Posted in dream, poetry

Cover of Dusk

Cover of Dusk  I imagined their story as I walked by their house: a couple in their early thirties one year old daughter asleep in her room the dinner party winding down inside glasses of chardonnay clinking pearl necklaces and red lipstick smudges how they’d all been friends since college.  I slowed my pace as the haze of their perfection tightened in my throat, prey to the outsider’s perception: a brick walkway leading to their front door trimmed rose bushes  silhouettes mingling in light cast shadows through their windows.  A mosquito bit my arm, the signal to lengthen my stride, move past fantasies of someone else’s family, stop obsessing over picket white fences, the bad date I went on the night before, that it would be years,  before finding that dream for myself.   I walked on, cheeks soaking up the sweat and tears beading on my skin in the humidity, thankful at least for the setting sun, the cover of dusk to mask this headspace so no one would have to know that seeing their daughter’s swing hanging on a tree in their front yard made me cry.

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Posted in growing up, love, poetry

Self

Self  In third grade they made us write acrostic poems set to our names, assigning adjectives like “artistic,” to our letters, falling on generic phrases: “L-loves animals.”  We wrote “I am” poems in education’s attempt to encourage self-reflection,  “I am a daughter, a friend, a sister.” I am me.  I hated poetry,  misled by an eight year old’s agony to sit at a table and reflect on breathing, trapped in the command  to notice when I inhaled and exhaled.  I hated that mirror, the image of thinking deeply, of trying to understand the origins of feeling.   I was a child of possibility, of adventure, of laying patches of moss carpet in our backyard treehouse, unconfined by reality, unwilling to understand the structures of my own personality, imagining space and time all my own, free from this idea of pausing, of judging myself through writing.  In high school I disappeared, swallowed by sweatshirts, sucked inward as if a black hole swirled in my brain, afraid to talk, afraid to look past the layers of dust settled between me and all the other desks in class, bottling in silence, getting by, imploding alone.   I collected those years in journals, verses and verses of history, the days of invisibility caught in tangibility, the me never seen  exploding in newfound creativity, through discovery, soul awakened  in the days of university, speaking and hearing a voice  with something to say, people listening, through feeling through feeling finally feeling, a new me, a poet.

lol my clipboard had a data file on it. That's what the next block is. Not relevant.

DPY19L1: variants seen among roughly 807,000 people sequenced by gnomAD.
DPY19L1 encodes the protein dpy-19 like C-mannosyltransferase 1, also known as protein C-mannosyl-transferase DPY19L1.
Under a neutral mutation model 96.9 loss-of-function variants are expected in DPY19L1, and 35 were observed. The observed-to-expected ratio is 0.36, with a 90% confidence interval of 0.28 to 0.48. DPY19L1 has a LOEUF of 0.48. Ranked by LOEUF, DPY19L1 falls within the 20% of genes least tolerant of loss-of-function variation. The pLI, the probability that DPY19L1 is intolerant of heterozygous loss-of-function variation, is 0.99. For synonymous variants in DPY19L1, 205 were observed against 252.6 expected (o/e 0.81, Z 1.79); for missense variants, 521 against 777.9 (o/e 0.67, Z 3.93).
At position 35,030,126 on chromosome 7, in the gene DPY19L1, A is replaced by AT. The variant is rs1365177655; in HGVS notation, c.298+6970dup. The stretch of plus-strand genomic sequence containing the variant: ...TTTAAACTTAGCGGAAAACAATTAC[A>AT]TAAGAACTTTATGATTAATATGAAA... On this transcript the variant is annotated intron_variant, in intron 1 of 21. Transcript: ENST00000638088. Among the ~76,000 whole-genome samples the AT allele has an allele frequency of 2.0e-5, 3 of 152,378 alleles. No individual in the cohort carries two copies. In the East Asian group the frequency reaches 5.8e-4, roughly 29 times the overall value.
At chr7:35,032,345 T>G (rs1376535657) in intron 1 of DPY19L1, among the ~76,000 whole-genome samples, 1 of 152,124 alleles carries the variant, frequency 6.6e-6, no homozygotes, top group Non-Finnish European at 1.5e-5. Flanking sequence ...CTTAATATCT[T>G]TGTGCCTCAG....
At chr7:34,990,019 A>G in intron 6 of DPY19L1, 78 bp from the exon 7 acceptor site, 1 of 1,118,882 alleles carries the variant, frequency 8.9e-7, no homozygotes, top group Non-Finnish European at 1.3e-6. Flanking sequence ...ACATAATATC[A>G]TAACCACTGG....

In second grade I thought I was going to grow up to become a librarian. In fourth grade I saw a documentary about a cave diving marine biologist and decided I’d become a scientist, a dream that lasted until my senior year in high school when I realized I didn’t in fact like studying biology at all. Never through all those years did I think I’d grow up to be a poet. It’s a passion I fell into through taking a chance, one that took coaxing to start, but one I will never regret.

I’ve written a lot about heartbreak lately, as I’m sure you’ve noticed. Poetry is the outlet that lets me heal, my real true love. No matter where my heart drifts or cracks, it will always have a home in words. Thank you for listening and letting me sing.